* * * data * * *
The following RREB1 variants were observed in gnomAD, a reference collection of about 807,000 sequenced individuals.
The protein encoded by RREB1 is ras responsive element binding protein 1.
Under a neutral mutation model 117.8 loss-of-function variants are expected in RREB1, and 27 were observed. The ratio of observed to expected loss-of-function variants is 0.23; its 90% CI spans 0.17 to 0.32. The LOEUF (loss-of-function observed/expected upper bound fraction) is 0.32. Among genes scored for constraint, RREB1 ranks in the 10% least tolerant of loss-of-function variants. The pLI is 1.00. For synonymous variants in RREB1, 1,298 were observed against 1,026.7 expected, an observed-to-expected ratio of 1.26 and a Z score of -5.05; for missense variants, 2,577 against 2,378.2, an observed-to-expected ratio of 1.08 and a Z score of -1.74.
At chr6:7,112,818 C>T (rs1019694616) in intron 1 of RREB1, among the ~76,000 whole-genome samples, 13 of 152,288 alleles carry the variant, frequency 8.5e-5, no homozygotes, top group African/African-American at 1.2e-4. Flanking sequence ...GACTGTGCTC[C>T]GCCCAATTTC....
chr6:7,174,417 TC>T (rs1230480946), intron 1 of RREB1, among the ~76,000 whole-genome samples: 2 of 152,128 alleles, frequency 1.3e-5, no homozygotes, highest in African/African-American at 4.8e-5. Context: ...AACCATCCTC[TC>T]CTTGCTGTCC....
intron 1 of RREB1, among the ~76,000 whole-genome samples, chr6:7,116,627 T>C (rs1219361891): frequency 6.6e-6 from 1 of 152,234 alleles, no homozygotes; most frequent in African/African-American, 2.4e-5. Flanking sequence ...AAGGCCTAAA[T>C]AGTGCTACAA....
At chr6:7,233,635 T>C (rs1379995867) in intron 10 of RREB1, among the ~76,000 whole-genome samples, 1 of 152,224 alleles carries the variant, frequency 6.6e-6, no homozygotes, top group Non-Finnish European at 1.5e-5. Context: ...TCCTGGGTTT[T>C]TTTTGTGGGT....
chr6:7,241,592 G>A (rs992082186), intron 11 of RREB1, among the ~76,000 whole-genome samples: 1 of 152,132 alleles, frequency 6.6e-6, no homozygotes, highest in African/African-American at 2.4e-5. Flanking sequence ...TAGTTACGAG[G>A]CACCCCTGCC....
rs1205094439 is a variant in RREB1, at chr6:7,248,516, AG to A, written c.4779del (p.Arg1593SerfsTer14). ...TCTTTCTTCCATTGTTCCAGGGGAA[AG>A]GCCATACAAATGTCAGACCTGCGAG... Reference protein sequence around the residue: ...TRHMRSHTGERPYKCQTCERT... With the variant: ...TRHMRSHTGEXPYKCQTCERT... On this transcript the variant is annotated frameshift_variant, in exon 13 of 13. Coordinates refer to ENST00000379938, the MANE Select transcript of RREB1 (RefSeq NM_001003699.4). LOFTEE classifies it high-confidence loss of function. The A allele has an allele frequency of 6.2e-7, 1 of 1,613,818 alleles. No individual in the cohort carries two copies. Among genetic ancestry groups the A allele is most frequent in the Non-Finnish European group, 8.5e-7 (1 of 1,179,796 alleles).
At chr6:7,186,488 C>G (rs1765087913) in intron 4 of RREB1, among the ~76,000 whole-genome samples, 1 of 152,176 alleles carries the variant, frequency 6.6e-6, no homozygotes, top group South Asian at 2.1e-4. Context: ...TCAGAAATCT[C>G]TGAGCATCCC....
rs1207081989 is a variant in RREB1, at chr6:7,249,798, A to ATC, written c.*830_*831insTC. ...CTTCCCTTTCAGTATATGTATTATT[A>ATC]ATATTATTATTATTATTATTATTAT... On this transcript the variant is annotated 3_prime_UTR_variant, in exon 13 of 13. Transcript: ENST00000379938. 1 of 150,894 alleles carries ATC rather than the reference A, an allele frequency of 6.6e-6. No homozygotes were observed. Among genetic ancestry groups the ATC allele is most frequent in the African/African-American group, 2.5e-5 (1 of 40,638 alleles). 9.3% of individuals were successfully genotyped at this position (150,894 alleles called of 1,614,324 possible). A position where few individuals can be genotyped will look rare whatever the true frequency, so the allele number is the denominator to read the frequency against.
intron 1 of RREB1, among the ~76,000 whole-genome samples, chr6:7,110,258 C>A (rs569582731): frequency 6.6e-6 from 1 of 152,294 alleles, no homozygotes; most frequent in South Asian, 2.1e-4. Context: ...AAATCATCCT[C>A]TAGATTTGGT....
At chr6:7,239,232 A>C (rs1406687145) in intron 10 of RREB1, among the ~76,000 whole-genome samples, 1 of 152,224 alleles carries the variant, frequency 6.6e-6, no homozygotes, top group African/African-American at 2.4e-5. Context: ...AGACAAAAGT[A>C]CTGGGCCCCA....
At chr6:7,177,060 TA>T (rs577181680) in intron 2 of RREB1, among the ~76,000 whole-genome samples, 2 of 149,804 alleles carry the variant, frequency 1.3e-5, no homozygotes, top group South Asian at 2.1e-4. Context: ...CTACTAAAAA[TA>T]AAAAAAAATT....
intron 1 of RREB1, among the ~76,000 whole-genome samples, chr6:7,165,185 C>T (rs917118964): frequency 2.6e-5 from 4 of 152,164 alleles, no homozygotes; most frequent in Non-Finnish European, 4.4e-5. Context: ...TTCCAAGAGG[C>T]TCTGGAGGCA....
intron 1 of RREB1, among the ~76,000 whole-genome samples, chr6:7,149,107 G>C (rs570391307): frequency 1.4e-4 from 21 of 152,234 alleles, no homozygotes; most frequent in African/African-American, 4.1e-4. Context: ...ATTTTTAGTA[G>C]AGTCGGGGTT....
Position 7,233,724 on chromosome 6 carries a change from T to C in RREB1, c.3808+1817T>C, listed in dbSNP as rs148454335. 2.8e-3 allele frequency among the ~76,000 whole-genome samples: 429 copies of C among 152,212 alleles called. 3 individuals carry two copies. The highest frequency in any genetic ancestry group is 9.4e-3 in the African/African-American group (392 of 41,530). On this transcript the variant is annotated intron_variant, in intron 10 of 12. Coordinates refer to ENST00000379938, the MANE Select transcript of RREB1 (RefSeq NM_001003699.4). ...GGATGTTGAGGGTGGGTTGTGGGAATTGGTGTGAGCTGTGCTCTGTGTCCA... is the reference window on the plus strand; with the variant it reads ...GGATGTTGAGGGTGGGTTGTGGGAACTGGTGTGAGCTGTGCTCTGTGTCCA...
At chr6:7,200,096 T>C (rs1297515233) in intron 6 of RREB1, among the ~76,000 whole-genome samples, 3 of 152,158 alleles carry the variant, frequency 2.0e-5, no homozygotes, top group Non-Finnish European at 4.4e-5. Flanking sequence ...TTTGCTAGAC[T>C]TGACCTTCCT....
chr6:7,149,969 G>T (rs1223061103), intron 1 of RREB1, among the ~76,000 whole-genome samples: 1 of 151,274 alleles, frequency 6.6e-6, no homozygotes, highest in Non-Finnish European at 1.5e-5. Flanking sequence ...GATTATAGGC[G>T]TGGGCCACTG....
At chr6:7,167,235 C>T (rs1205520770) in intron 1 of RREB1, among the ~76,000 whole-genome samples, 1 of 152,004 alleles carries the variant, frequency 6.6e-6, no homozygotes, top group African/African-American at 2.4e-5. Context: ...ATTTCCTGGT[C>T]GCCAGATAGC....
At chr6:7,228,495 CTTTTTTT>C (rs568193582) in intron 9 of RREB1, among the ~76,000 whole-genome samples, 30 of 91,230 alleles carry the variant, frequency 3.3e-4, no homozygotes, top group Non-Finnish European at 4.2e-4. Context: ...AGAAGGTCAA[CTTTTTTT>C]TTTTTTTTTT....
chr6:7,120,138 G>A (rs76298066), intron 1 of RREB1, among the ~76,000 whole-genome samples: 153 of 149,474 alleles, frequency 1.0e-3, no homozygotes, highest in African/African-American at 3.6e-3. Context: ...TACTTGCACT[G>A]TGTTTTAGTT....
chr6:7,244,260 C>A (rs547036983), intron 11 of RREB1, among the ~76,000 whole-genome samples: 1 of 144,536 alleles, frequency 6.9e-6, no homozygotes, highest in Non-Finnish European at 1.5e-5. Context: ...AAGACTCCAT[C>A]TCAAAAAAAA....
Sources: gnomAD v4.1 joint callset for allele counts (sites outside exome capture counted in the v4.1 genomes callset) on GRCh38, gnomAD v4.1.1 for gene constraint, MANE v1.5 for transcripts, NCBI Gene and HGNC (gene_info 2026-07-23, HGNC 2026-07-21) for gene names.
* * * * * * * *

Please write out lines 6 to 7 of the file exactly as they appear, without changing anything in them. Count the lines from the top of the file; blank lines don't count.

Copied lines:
intron 1 of RREB1, among the ~76,000 whole-genome samples, chr6:7,116,627 T>C (rs1219361891): frequency 6.6e-6 from 1 of 152,234 alleles, no homozygotes; most frequent in African/African-American, 2.4e-5. Flanking sequence ...AAGGCCTAAA[T>C]AGTGCTACAA....
At chr6:7,233,635 T>C (rs1379995867) in intron 10 of RREB1, among the ~76,000 whole-genome samples, 1 of 152,224 alleles carries the variant, frequency 6.6e-6, no homozygotes, top group Non-Finnish European at 1.5e-5. Context: ...TCCTGGGTTT[T>C]TTTTGTGGGT....